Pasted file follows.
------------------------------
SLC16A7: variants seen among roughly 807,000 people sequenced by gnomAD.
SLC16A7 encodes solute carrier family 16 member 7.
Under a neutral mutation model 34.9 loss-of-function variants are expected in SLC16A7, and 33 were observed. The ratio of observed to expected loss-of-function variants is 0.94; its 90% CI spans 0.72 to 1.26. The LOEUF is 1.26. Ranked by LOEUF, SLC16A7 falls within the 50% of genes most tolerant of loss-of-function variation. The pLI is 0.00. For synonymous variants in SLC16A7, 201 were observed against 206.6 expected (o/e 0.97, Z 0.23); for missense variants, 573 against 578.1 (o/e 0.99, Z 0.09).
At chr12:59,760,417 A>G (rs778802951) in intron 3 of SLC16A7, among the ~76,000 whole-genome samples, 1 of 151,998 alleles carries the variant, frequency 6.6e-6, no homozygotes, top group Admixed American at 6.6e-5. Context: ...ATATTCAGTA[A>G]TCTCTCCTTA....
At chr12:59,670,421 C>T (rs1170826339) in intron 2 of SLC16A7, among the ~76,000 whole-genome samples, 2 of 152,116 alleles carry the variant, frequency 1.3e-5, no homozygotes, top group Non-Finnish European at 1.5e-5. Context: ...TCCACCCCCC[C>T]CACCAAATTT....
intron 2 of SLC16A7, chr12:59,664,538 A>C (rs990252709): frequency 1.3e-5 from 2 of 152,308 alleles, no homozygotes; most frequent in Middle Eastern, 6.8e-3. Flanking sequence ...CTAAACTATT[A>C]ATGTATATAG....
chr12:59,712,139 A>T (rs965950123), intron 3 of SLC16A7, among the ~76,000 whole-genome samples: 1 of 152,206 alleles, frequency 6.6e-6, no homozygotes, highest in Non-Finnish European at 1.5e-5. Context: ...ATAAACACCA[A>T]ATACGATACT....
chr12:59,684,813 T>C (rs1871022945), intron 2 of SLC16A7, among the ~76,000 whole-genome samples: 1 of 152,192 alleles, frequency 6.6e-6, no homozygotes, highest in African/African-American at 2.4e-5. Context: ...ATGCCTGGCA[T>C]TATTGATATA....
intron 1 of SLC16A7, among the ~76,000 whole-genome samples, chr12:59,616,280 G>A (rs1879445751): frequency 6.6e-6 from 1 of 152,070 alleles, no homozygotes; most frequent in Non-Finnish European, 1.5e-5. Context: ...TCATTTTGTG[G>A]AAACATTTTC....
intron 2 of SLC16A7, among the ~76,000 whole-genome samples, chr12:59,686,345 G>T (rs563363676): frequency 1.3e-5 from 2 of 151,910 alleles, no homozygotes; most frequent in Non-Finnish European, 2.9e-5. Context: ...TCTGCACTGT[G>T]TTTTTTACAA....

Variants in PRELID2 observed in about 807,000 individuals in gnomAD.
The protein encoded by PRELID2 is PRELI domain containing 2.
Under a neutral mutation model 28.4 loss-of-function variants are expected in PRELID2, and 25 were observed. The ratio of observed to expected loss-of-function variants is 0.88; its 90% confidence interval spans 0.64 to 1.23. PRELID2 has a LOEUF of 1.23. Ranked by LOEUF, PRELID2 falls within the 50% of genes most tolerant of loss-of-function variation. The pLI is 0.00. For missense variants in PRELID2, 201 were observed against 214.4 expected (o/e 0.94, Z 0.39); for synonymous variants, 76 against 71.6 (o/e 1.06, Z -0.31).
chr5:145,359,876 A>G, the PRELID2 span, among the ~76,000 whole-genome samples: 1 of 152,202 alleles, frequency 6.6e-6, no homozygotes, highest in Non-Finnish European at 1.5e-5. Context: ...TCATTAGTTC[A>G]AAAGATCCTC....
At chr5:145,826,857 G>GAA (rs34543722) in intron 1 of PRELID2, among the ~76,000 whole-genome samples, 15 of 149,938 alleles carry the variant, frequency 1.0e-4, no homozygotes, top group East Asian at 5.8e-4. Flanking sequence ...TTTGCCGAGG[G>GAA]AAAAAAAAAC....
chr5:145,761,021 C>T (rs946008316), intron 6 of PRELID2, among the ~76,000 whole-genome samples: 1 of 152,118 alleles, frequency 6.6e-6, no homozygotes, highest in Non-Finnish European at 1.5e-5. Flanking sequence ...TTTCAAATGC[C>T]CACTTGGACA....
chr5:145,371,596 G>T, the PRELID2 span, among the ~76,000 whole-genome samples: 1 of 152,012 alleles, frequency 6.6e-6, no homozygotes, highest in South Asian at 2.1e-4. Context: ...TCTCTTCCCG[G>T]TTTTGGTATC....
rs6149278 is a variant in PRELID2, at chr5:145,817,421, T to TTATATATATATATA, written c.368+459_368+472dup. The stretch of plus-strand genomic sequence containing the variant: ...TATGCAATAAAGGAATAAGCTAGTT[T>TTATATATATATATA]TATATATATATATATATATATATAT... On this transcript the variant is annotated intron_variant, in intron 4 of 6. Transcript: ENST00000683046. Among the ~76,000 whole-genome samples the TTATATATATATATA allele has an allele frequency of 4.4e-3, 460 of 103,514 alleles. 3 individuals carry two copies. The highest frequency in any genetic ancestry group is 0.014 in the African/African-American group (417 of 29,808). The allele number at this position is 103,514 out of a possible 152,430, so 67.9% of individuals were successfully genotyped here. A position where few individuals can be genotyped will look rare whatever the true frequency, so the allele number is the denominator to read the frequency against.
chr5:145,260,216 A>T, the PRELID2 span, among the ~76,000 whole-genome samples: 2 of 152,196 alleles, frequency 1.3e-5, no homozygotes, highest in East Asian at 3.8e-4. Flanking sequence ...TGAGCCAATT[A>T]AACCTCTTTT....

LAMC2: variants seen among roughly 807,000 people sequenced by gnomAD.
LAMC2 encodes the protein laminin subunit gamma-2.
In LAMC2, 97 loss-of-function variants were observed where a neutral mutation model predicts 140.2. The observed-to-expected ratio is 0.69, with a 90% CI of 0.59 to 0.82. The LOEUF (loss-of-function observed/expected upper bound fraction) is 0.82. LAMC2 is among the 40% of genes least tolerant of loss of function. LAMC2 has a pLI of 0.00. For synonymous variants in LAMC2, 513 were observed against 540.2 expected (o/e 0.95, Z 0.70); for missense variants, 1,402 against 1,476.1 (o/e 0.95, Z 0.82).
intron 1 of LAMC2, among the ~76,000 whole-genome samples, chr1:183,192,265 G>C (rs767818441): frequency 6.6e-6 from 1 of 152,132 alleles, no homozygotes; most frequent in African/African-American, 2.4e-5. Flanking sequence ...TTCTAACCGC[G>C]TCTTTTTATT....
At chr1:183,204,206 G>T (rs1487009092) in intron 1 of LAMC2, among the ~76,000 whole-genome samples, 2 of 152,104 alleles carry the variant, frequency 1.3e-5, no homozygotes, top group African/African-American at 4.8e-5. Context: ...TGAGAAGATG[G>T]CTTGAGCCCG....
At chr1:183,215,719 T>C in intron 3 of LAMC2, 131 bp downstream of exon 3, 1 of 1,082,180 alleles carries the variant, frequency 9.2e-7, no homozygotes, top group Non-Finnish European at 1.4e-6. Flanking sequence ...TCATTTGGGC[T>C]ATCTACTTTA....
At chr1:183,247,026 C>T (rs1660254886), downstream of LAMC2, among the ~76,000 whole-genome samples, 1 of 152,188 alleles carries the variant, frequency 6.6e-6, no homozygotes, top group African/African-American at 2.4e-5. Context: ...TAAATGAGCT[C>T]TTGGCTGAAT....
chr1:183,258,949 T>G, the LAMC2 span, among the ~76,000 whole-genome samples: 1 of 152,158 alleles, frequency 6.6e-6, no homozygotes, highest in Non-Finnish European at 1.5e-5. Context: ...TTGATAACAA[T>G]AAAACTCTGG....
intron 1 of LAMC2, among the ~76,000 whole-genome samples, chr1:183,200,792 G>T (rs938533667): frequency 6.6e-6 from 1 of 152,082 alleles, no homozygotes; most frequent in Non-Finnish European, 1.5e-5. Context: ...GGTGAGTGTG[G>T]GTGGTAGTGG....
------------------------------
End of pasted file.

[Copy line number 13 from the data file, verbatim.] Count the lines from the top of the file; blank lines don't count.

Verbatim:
Under a neutral mutation model 28.4 loss-of-function variants are expected in PRELID2, and 25 were observed. The ratio of observed to expected loss-of-function variants is 0.88; its 90% confidence interval spans 0.64 to 1.23. PRELID2 has a LOEUF of 1.23. Ranked by LOEUF, PRELID2 falls within the 50% of genes most tolerant of loss-of-function variation. The pLI is 0.00. For missense variants in PRELID2, 201 were observed against 214.4 expected (o/e 0.94, Z 0.39); for synonymous variants, 76 against 71.6 (o/e 1.06, Z -0.31).